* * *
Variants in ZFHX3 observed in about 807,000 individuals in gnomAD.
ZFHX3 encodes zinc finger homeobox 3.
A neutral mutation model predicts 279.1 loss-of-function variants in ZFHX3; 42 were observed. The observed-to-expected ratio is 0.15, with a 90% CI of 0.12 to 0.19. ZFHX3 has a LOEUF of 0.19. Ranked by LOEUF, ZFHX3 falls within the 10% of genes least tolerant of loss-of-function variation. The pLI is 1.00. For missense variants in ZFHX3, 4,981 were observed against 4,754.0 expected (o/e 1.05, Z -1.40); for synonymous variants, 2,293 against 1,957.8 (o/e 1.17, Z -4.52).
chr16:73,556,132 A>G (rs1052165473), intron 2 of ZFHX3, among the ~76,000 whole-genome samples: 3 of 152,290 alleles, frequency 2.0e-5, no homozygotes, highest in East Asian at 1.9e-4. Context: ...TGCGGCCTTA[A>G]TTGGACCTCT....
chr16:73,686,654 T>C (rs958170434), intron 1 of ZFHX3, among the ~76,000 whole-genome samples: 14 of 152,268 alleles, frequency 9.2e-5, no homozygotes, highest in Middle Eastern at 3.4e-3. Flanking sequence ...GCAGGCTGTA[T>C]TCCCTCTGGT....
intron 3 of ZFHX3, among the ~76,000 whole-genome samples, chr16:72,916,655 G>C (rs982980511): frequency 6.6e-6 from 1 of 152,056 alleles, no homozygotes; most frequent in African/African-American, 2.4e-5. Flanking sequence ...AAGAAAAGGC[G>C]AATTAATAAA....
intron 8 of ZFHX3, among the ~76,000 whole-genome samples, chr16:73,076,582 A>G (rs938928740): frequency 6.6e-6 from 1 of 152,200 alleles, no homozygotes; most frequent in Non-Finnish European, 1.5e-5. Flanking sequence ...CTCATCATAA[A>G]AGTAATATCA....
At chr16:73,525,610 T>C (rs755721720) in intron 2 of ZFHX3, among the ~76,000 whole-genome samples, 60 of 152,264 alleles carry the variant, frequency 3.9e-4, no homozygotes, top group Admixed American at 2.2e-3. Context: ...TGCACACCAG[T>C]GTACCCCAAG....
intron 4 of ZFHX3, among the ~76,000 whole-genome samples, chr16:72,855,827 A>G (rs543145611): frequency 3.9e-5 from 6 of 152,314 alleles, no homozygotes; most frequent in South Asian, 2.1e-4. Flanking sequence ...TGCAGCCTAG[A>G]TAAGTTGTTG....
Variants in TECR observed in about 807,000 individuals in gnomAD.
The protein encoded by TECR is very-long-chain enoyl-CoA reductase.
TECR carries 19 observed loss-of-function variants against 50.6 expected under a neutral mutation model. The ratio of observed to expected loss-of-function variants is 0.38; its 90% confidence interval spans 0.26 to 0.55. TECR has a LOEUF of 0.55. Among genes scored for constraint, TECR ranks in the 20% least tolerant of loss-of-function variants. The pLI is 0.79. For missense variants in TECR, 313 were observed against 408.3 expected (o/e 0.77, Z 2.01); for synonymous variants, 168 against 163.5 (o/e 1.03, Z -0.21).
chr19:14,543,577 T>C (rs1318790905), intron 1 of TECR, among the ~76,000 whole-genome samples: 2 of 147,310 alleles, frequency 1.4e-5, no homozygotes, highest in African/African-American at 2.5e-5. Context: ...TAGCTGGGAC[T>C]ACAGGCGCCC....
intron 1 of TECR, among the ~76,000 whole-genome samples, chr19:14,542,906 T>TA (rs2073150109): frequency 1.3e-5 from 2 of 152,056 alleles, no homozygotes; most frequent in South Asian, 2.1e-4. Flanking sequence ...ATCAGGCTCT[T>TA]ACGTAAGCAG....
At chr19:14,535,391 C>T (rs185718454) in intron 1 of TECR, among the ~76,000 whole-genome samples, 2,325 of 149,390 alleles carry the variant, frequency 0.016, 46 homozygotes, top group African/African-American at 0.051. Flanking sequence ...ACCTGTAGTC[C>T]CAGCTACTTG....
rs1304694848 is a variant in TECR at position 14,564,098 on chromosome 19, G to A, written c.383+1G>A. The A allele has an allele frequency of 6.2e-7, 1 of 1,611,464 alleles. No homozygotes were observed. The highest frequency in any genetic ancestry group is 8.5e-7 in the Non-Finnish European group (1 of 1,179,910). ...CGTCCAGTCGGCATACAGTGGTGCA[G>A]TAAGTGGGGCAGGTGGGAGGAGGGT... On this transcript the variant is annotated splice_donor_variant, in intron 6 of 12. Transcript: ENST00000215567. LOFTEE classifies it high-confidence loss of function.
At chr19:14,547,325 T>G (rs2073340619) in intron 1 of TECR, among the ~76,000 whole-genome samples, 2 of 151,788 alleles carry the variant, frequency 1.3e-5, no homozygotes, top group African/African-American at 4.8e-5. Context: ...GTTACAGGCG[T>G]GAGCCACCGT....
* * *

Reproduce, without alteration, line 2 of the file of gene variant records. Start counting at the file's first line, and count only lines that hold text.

ZFHX3 encodes zinc finger homeobox 3.